To Be or Not To Be... French
Distant frontiers of the EU shift as two islands voice their will
The recent downturn in the global economy has had a powerful effect on small countries and territories that depend on the West. Political developments in two of France’s oversea territorial islands, Mayotte and Guadeloupe, paint a complex picture of the effects of globalization on the fringe members of the European Union.
For some, like Guadeloupe, it has provoked a desire for more independence, for others like Mayotte, the tiny island between Mozambique and Madagascar, it has meant a push for accession. Guadeloupe hopes to free itself from its French post-colonial "shackles;" For Mayotte, it has meant the end of a decades-long struggle to become a French département, the equivalent of "state" status in the U.S.
Located in the eastern Caribbean along with its sister département Martinique, Guadeloupe is one of France’s DOM (Départements d’Outre-Mer) and legally part of the European Union. The official currency is the euro. And the signs of the French Métropole are everywhere: the Tricolore, the white arrow street signs, the boulangeries with baskets of baguettes, the Peugeuts and Renaults, the Carrefour mega-shopping centers, and even a French-style McDonald’s.
The only problem is that the costs of living are currently twice as high as in mainland France. Milk costs 44.7% more and rice double. This is because only four families control all of Guadeloupe’s imports, according to the trade union, Komité kont pwofitasyon (LKP), Creole for the "committee against profiteering."
The butterfly-shaped island known for its natural beauty is a beloved holiday-destination for the French. But the disastrous conditions led to a 44-day strike Jan. 20 through Mar. 5, described as the most significant in the island’s history, when roads, schools, gas stations and public transport were closed down and hundreds of extra police were deployed from homeland France. Even Guadeloupe’s carnival had to be canceled.
The strikes also bore a racial undertone; the ruling class – 10% of Guadeloupe’s population – are descendants of the white colonists and slave masters, while the rest are of African descent or mixed race descendents of both. Upper class Guadeloupians have been accused of monopolizing retail and construction to maintain high prices and a privileged lifestyle. With unemployment at 23%, the island is one of the EU’s poorest corners.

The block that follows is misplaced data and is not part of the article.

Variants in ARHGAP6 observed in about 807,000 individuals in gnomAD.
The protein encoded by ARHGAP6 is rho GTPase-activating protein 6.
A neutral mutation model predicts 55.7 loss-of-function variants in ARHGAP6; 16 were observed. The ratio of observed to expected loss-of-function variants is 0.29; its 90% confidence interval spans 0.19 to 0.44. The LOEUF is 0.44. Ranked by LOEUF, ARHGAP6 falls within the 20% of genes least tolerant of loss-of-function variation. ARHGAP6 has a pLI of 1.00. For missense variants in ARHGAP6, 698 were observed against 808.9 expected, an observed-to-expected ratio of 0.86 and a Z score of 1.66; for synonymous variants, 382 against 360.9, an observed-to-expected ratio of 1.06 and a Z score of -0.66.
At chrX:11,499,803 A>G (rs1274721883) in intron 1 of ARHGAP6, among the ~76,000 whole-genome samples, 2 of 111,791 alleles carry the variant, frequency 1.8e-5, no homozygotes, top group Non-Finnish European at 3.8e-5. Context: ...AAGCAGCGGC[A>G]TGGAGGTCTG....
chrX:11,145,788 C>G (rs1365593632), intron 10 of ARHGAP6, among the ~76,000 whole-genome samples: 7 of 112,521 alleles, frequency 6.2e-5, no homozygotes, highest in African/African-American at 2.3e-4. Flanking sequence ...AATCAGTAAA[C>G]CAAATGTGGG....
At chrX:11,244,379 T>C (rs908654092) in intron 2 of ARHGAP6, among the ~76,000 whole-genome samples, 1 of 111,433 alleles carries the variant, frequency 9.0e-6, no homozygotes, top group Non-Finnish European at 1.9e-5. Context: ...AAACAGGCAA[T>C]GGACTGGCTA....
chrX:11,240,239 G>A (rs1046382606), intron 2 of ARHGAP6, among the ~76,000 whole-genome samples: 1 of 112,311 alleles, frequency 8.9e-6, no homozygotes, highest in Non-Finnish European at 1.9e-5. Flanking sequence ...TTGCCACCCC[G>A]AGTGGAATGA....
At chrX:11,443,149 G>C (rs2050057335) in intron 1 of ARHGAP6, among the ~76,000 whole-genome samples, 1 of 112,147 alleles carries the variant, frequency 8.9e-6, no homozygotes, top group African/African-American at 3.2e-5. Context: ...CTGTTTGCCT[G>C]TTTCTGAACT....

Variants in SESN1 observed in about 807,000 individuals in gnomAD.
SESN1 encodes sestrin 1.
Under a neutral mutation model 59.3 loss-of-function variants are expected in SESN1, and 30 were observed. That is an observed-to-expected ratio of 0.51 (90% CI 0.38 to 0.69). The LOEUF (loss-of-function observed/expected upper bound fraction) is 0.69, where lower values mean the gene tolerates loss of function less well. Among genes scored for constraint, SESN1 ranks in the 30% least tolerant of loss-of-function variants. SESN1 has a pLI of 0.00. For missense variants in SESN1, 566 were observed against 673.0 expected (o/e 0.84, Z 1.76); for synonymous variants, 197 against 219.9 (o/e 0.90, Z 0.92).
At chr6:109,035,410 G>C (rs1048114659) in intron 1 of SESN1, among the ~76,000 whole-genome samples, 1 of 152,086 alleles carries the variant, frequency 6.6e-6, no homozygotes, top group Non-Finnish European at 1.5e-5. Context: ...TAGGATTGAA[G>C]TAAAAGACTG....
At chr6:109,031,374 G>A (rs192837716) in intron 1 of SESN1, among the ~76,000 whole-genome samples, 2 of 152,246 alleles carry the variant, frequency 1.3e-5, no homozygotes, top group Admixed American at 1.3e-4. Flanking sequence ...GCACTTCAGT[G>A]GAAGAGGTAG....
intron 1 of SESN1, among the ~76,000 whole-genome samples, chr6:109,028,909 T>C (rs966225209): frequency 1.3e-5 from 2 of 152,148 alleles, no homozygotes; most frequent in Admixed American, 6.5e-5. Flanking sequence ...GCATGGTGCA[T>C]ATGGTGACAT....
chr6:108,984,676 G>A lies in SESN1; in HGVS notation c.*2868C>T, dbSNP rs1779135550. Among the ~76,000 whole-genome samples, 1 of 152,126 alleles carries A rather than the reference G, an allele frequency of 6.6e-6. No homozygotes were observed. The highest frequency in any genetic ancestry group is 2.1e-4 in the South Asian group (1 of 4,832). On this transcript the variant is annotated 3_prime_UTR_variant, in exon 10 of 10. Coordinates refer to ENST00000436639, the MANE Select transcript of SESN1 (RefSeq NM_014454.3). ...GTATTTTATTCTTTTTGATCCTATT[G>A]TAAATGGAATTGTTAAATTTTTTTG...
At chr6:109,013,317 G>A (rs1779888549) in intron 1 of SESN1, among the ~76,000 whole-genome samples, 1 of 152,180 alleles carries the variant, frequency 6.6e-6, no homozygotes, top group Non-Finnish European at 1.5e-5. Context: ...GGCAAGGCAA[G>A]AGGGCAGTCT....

The LKP has demanded that the price of petrol and basic food items be lowered and the low-wage incomes be supplemented with a €200 bonus. Following the strike, the French government offered a 165-point-deal, to improve living standards.
On the other side of the world, the negative effects of dependence on France don’t seem as apparent. Mayotte’s 180,000 residents see a better future with the motherland, and the island has finally achieved a 50 year-old dream of full citizenship.
Geographically part of the Comoros islands in the Indian Ocean, Mayotte’s living standards have always been higher than those of the neighboring islands, probably due to its status as a French territoire. Ever since Charles de Gaulle’s promise to support Mayotte in its fight to become a département, the Mahorans saw this as an advantage.
France spent generously to support the campaign in Mayotte and all parties on the island strongly promoted the affiliation with the former colonizer. The referendum itself had the air of a huge carnival, not unlike the one the Guadeloupians had to cancel.
The result of the Mar. 29 referendum was no big surprise: a resounding 95% "Yes" for obtaining full DOM and EU membership by 2011. The Mahorans will enjoy the full advantages of the French health care system, receive EU funds and be represented in the French parliament. This legalizes a situation they have long perceived as fact.
"We may be black, poor and Muslim, but we have been French longer than Nice," said Mahoran legislator Abdoulatifou Aly in an interview with l’Express.
There is, however, a thorn in Mayotte’s side, and that is its Sunni Muslim majority. Still ruled by Islamic Sharia law, Mahorans have agreed that elements of Sharia such as polygamy and superstitious methods like voodoo will have to be renounced before 2011. With the referendum’s result, the current legal system will be replaced by the French civil code. To most, the political advantages of membership outweigh the cultural ones.
But to give up their own identity for the benefits of "big brother France" isn’t a good idea, argues the French Communist Party (PCF) chief Jean-Louis Le Moing. Traveling to the island prior to the referendum, Le Moing warned, "Departmentalization is not a way of development," and urged more resonable development "not based on colonial grounds."
These developments in Guadeloupe and Mayotte have provided a twist in the narrative of EU membership. The post-colonial model has generally not meshed well with the structures of the EU. The gradual withdrawl of the Dutch Antilles from the Netherlands and the EU, last December’s referendum in Greenland for full independence and the Guadeloupe case imply that many fringe entities no longer benefit from EU membership.
Yet, Mayotte appears to be separating from the Comoros Islands and joining the EU as a solution to poverty. Such a move recalls the Kosovo example; and the Islamic undertone reminds Europeans of the implications of possible future membership of Turkey.
Among other things, these decisions simply show the power of a democratic majority on the international political sphere. How their futures pan out will provide new evidence of the relative benefits of EU affiliation and independence.